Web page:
Photo: Kirsty O’Connor / PA Wire
By Ella Pickover, PA Health Correspondent
The NHS is preparing for the prospect of an annual Covid-19 booster vaccine program should the need arise, the head of the NHS in England has said.
At present, it is not clear whether Covid-19 vaccine boosters will be an annual requirement – equivalent to the annual winter flu jab program – but the NHS is already making plans to enable the delivery of an annual vaccine campaign if it required, Amanda Pritchard said.
The CEO of NHS England also suggested that there could be “further extensions” to the Joint Committee on Vaccination and Immunization (JCVI) advice on vaccines.
On Monday (November 15), JCVI recommended that the booster program be expanded to include all adults aged 40 and over, as well as provide new recommendations for other jabs for 16- and 17-year-olds.
Speaking to the NHS Providers Annual Conference, Ms Pritchard said: “We had the latest advice from JCVI yesterday to expand (boosters) to over 40s, as well as give second dose to 16 and 17 year olds, and I think we can expect further expansions in the future.
“We are already considering how we can make annual booster vaccines if needed.”
Mrs Pritchard urged people to accept vaccination invitations “as soon as possible” when called, noting that a third of people take between two and five weeks to arrive and book after being contacted about and booster jab.
Meanwhile, the Department of Health and Social Care said 13 million boosters or third jabs have been given so far across the UK – including over a million in the last three days.
Ms Pritchard said the NHS was facing a “winter like no other” but vaccines “prevented a far worse situation where the boosters helped tackle declining immunity”, but the job of the vaccination program was “not done yet”.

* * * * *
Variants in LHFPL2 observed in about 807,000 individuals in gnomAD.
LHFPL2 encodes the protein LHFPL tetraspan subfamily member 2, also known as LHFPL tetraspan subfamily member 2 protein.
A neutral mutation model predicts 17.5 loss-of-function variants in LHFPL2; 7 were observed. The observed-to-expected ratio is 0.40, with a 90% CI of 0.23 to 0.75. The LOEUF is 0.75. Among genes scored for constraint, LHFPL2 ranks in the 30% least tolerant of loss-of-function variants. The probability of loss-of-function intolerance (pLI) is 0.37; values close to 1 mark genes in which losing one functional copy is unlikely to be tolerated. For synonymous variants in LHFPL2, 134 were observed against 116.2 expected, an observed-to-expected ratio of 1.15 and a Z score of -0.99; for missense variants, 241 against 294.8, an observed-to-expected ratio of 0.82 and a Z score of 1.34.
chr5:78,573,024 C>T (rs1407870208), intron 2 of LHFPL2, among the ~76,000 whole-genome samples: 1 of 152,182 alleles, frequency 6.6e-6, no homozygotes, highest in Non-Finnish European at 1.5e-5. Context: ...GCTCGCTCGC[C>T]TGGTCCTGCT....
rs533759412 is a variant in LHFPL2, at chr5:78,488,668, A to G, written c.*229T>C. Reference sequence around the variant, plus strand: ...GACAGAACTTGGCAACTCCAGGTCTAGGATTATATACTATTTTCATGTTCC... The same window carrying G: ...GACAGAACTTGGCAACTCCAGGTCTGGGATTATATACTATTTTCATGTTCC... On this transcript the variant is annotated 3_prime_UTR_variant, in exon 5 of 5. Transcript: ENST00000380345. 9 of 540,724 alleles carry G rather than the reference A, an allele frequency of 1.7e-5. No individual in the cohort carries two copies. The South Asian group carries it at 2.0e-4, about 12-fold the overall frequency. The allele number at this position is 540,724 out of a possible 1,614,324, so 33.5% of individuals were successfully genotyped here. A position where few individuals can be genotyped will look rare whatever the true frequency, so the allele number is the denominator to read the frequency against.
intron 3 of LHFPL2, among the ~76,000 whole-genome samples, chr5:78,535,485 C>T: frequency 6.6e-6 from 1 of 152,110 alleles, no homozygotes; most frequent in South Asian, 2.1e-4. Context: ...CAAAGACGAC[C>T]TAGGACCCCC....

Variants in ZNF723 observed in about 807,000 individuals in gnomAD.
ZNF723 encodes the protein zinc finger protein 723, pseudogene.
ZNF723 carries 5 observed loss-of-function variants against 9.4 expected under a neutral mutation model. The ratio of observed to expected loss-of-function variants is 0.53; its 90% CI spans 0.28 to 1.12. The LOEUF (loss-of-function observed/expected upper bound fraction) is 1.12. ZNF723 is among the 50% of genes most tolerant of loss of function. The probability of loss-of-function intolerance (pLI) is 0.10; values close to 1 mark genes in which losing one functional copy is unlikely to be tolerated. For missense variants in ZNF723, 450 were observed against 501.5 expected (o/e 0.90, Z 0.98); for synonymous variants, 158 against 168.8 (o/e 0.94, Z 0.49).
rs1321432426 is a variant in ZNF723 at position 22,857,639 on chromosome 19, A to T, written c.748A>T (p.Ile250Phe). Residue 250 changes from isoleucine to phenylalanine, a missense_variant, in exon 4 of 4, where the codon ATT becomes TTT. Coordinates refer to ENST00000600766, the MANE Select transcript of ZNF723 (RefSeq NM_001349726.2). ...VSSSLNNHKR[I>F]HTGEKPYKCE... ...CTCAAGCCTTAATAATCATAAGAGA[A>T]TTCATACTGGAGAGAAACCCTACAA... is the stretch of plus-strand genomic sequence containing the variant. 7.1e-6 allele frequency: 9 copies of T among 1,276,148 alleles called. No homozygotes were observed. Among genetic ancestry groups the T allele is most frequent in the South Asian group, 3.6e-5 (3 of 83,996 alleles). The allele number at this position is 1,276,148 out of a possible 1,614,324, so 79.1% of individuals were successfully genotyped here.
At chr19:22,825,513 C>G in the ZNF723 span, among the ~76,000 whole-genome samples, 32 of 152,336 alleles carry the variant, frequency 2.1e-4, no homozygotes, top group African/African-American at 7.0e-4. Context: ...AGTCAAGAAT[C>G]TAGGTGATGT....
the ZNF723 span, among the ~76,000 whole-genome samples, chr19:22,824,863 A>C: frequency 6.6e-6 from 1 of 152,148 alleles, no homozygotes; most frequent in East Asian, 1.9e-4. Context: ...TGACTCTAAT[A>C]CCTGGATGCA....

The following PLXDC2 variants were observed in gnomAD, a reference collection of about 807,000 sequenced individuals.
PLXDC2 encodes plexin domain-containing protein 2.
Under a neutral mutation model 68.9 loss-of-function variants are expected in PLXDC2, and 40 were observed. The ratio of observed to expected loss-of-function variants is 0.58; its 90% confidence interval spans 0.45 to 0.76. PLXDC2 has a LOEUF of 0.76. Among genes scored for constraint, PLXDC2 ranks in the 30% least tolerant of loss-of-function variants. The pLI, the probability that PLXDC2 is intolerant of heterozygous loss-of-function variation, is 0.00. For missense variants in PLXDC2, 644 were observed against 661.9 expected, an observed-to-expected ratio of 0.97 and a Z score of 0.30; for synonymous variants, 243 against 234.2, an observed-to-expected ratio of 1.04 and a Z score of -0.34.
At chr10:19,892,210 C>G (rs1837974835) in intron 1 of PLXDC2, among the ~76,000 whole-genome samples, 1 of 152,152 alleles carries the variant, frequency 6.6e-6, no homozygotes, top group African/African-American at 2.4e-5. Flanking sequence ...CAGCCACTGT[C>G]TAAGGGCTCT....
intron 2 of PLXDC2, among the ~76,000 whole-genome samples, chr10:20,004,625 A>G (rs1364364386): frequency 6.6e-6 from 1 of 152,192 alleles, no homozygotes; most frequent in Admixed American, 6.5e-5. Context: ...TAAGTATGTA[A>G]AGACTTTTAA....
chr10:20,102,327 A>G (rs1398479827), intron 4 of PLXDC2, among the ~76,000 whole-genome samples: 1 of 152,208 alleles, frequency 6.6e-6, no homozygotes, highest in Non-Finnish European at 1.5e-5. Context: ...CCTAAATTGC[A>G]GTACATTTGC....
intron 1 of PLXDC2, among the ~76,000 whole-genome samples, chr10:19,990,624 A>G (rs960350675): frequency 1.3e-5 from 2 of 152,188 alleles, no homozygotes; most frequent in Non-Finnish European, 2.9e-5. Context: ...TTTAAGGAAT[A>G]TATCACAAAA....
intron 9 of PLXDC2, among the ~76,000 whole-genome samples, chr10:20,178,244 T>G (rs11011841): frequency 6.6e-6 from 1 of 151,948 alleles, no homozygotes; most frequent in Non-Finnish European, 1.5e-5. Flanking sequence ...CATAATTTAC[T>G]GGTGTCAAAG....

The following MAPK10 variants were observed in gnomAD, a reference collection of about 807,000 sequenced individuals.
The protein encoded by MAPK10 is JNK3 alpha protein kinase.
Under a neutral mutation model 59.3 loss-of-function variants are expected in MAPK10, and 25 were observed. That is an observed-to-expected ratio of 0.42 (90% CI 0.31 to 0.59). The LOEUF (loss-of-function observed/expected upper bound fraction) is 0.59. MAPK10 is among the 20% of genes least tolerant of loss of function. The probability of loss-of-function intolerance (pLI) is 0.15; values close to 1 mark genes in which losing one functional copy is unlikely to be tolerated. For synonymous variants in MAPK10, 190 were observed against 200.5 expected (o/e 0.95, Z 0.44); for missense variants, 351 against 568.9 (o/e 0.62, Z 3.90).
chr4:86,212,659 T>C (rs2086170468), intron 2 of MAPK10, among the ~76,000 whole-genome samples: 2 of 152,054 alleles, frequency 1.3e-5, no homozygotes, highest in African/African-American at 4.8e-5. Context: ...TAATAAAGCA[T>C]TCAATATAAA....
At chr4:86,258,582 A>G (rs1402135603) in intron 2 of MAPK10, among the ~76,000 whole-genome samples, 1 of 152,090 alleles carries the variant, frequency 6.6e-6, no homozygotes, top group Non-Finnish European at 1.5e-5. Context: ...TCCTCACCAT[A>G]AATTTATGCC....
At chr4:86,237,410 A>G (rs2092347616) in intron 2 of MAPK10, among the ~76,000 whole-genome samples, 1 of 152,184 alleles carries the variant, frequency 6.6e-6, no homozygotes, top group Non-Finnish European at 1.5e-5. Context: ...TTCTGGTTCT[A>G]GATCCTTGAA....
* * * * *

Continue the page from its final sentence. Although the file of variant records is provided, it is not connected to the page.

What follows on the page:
“Our message must continue to be: please come forward as soon as possible when it’s your turn,” she added.
She urged NHS leaders to redouble their efforts to encourage vaccinated staff to get their Covid-19 jab.
“To those colleagues who have not yet accepted the offer, I would urge you to do so as soon as possible, to also protect yourself, your families and your patients,” she said.
“And for you as leaders – especially clinical leaders – it’s crucial that we redouble our efforts to support those of our colleagues who are not medically exempt and who are still doubting whether to get their first Covid vaccine.
“Not only because of the intention of the government last week, but because we believe it is the right thing to do, because we care about them and our patients, we want them to be as safe as possible, and honestly we need every member of the NHS staff to be there for the patients. “
Mrs Pritchard also highlighted how the phrase “necessity is the mother of innovation” had proved true during the pandemic.
She said a national video consulting platform for hospital services saw a “large expansion of people who chose this option”, leading to a reduction of 2.1 million hours of waiting time for patients.
But she said that as technology evolves, the NHS must “always pay attention to digital exclusion and literacy” and ensure that there are “non-digital routes available that are just as good for those who want them and need them. for them.”
It comes as the government said a further 214 people had died within 28 days of being tested positive for Covid-19 from Tuesday, bringing the total number in the UK to 143,159.
Separate figures published by the Office for National Statistics show that there have now been 168,000 deaths recorded in the UK, with Covid-19 mentioned on the death certificate.
From kl. By Tuesday, there had been a further 37,243 laboratory-confirmed Covid-19 cases in the UK, the government said.
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